It took 508 days, but Tony, an overly excitable 70-pound Labrador retriever mix that everyone had passed by, finally learned a calm dog is a good dog — and found a home.
“Tony’s very adorable … he’s a very, very sweet boy but he just had a hard time calming down, he was like a — puppy in a big boy’s body,” said Vanessa Herdter, adoption coordinator for the Southampton Animal Shelter Foundation in Hampton Bays.
The 4-year-old’s saga reveals the power of training with positive reinforcement — and patience, according to his rescuers, who praised Tony's new family from Hampton Bays for first getting to know him through visits — and working with the shelter’s trainers.
Taking a chance
“Somebody just needed to give him a chance,” said Nicole Tumilowicz, director of development and marketing at the foundation. “It’s hard to showcase the potential and personalities of these dogs if you don’t come in and spend time … over time they will become overlooked just through no fault of their own.”
What to know
- Even hard-to-adopt dogs can find a forever home with training offered at the Southampton Animal Shelter Foundation.
- One key to emotionally fragile shelter dogs becoming good pets is plenty of time outside the kennel.
- For new owners of adopted dogs, practice patience and positive reenforcement.
Poor behavior, such as anxiety, aggression, barking, jumping and pulling on leashes, experts say, is one of the main reasons dogs are returned to shelters.
Even dogs that were well-behaved in their homes, but are abandoned, lost or surrendered, due to illnesses or moving, for example, can react poorly in shelters, which often get dogs from puppy mills or other abusers.
“In a shelter environment, they are in a constant state of high anxiety, arousal," Tumilowicz said. "They are living in a kennel with other dogs, so that makes them anxious."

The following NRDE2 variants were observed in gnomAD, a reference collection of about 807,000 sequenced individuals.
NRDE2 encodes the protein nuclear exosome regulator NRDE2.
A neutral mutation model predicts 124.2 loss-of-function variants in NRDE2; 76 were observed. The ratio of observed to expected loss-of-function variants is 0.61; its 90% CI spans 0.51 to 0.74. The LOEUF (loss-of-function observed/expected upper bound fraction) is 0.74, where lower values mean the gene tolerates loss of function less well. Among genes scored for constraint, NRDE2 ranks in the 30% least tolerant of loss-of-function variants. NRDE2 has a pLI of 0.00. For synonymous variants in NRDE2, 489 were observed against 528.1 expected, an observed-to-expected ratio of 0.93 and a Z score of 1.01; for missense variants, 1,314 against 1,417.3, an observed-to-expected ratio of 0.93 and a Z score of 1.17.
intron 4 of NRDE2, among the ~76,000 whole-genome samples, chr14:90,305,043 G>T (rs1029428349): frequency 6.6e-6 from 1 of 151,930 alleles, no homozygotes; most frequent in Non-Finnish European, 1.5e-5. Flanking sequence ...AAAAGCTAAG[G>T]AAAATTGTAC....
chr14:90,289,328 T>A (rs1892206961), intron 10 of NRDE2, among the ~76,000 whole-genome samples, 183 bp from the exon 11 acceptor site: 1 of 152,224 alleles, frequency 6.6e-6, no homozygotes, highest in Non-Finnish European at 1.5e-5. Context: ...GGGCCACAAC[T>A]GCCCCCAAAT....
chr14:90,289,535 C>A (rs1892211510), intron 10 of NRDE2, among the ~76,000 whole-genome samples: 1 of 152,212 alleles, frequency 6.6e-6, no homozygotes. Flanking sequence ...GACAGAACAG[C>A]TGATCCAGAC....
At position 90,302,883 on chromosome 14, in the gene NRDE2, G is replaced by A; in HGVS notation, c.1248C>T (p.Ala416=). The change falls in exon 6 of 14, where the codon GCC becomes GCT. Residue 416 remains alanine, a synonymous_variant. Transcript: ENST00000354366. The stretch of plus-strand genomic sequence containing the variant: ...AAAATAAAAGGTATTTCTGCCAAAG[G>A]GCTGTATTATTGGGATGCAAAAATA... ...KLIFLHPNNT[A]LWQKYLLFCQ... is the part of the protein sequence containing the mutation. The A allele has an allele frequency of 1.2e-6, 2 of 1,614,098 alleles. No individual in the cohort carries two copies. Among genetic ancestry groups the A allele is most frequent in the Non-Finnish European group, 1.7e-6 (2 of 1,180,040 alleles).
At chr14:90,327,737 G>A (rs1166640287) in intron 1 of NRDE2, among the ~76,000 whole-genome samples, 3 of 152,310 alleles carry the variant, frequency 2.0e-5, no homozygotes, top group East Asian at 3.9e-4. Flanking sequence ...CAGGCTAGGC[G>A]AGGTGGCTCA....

Thanks to volunteers and trainers, she said, “Our dogs do get to spend a lot of time outside of the kennels, and that’s helpful,” but they often deteriorate the longer they are stuck in shelters.
Tony’s main problem was his “reactivity,” Herdter said.
“When you took him for a walk, you would see him react negatively to other animals; he would get overstimulated when people started giving him a normal amount of attention.”
She continued: “He would start getting mouthy and hold onto you and jump on you … he thought, ‘I want to be with this person and get their attention,’ but to the average person, it was a little too much.”
And Tony tended to lunge after moving objects, such as skateboards or motorbikes, which could have imperiled anyone walking him if he tugged too hard on the leash.
Redirect and reward
“The best solution is just to kind of ignore the behavior and don’t pay attention; once he settles down, and stops, reward him,” Herdter said.
If dogs in training get distracted, a toy, or a clicker signaling a treat is in the offing, will — over time — redirect their attention back to the person walking them.
“The focus should be back on the trainer, always,” Herdter said.
She added: “It’s a long process for some; for Tony, it took a little longer for him to understand what was right and wrong in every situation.”
Not much is known about Tony’s early life.
He arrived in Southampton on April 11, 2021, when he was about 2½ years old; a Massachusetts rescue that couldn’t cope with him turned to the Long Island rescue because of its training program.
Now, “He is doing so well!” Olivia Lofstad of Hampton Bays, who adopted Tony Sept. 6, texted the shelter.
“He has adjusted really well to life at home and everybody loves him! He just needed a family to give him a chance, he really is the best dog ever.”
The newly adopted pooch is destined to soon have his own helping of Thanksgiving turkey.
"I think Tony will definitely be getting some!" Lofstad wrote in a text to Newsday. "He loves eating at the same time as us and getting pieces of our meals."